Heat Injuries And Your Job: What To Know

Some jobs involve spending time outdoors — no matter what the weather. Some jobs can get workers hot under the collar even if they work indoors, however. Heat-related illnesses can be both debilitating and deadly, so read on to find out about the benefits you might deserve from your employer's workers' compensation insurer.

What to Know About Heat-Related Injuries

Two dangerous conditions can occur when the body gets overheated. Heat stress refers to the first stage of heat stroke and can include fainting, cramping, heat rashes, and more. In the worst-case scenario, the heat will cause some to experience more life-threatening symptoms like confusion, heavy perspiration, chills, and even hallucinations. Call 911 if you or a coworker experiences any of the above symptoms.

Know Your Employer's Responsibilities

It's up to each worker to remain vigilant and take action when working in hot conditions. It's your employer's responsibility, however, to make it easier to work under hot conditions and to provide you with benefits when you get sick from the heat. Rest breaks, water, fans, shade, and other ways to keep cool should be offered to workers when they cannot work in an air-conditioned building. Should workers become ill from the heat, the employer has the responsibility of offering workers' compensation benefits and of cooperating with all necessary procedures.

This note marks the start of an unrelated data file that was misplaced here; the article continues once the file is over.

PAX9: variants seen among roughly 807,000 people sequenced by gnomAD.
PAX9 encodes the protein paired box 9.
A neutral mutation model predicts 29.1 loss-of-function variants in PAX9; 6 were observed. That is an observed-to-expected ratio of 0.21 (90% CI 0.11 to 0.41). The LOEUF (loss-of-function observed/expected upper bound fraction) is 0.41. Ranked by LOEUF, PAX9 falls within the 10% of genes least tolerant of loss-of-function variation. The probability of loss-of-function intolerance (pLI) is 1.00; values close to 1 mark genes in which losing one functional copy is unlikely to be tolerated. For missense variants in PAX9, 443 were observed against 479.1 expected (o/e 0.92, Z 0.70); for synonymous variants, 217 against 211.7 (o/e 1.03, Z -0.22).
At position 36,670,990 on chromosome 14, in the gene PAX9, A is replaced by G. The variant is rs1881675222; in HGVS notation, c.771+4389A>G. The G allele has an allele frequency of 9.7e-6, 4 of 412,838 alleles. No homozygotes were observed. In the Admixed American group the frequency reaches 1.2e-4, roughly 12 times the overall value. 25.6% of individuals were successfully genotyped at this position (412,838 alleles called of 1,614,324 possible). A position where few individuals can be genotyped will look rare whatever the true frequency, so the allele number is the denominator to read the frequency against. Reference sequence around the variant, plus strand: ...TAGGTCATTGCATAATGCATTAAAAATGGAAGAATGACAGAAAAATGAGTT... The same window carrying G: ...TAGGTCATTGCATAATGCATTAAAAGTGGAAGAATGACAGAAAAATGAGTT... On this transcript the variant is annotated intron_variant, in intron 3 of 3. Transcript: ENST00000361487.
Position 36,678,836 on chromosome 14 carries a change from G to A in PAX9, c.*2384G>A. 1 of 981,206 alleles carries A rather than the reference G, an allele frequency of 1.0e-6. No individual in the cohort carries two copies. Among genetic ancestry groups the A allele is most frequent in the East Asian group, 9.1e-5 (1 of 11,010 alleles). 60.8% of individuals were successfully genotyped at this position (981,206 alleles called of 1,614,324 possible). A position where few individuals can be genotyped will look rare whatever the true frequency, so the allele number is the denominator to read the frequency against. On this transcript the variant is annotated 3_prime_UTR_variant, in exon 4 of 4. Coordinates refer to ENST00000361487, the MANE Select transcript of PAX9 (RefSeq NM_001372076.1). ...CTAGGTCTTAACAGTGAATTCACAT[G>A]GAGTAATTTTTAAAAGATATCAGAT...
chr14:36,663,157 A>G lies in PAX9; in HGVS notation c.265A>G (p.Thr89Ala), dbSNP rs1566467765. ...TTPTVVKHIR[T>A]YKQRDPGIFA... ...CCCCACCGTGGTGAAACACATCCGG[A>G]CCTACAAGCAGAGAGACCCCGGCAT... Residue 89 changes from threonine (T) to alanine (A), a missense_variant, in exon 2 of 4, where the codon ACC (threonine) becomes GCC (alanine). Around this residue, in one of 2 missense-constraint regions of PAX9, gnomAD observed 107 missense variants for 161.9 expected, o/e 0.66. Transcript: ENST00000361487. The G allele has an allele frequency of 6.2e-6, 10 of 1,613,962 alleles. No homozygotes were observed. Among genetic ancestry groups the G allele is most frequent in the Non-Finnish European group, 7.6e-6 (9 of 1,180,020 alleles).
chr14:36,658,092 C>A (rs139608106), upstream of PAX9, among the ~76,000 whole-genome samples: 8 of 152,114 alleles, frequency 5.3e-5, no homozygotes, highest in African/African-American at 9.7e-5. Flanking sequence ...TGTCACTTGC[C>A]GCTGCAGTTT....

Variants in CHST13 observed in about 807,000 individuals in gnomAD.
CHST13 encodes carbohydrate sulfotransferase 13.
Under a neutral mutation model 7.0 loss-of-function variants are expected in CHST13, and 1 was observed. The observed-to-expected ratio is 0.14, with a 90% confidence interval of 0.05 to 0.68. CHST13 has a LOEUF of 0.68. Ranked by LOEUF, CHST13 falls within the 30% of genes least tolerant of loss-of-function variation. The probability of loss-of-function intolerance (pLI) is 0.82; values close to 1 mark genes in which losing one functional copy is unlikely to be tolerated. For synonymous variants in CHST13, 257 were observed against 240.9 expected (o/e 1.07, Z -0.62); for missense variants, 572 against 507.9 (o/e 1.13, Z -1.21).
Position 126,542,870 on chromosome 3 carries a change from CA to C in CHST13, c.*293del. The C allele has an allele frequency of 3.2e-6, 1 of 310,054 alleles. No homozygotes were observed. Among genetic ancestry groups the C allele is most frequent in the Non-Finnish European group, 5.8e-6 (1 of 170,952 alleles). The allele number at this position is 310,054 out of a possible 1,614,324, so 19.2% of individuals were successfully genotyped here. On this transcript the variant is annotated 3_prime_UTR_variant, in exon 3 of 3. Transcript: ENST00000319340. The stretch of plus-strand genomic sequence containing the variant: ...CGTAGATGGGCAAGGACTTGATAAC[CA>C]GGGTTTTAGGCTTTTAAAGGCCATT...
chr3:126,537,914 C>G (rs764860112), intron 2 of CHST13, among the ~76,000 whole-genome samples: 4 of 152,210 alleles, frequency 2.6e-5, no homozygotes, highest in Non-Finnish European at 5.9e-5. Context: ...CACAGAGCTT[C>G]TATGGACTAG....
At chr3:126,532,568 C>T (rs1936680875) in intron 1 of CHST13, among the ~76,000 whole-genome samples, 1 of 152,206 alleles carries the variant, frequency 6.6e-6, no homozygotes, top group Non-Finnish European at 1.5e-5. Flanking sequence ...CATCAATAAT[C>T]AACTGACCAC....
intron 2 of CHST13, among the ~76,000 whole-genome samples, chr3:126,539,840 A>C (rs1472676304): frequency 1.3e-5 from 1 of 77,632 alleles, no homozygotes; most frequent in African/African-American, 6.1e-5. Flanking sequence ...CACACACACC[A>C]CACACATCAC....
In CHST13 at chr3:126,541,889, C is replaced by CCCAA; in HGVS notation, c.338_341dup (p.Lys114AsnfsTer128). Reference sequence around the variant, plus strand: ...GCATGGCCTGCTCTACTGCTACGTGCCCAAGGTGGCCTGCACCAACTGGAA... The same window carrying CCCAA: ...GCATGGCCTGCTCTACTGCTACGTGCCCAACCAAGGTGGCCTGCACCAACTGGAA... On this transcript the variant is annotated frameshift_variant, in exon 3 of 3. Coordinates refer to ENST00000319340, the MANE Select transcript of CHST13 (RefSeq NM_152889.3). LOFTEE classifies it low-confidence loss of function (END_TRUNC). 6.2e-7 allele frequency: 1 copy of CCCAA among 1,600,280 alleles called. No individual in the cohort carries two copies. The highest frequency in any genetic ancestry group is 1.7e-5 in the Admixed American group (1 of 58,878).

Know Your Responsibilities

Seek medical treatment for heat injuries immediately. Cooling off is the best way to keep a heat injury from getting worse. Go to the nearest urgent care facility or emergency room and follow all treatment protocols. As soon as you can, let your direct supervisor know about the heat injury and see to it that a workers' comp claim form is filed.

What To Expect From the Workers' Comp Carrier

Once the claim form is accepted, you can expect to have all of your medical treatment needs paid for by the workers' comp carrier. The second benefit to expect is paid time-off. The amount you get is not the same as your salary, however. Finally, workers who are unable to return to work may be offered a monetary settlement from the insurer.

Getting over-heated on the job may sound minor but it can create serious and long-lasting problems for some. Unfortunately, workers' comp benefits are far from a sure thing. You may experience issues with your employer as well. For more information or if you are having trouble with your claim or have been denied coverage, speak to workers' compensation lawyer about your case right away.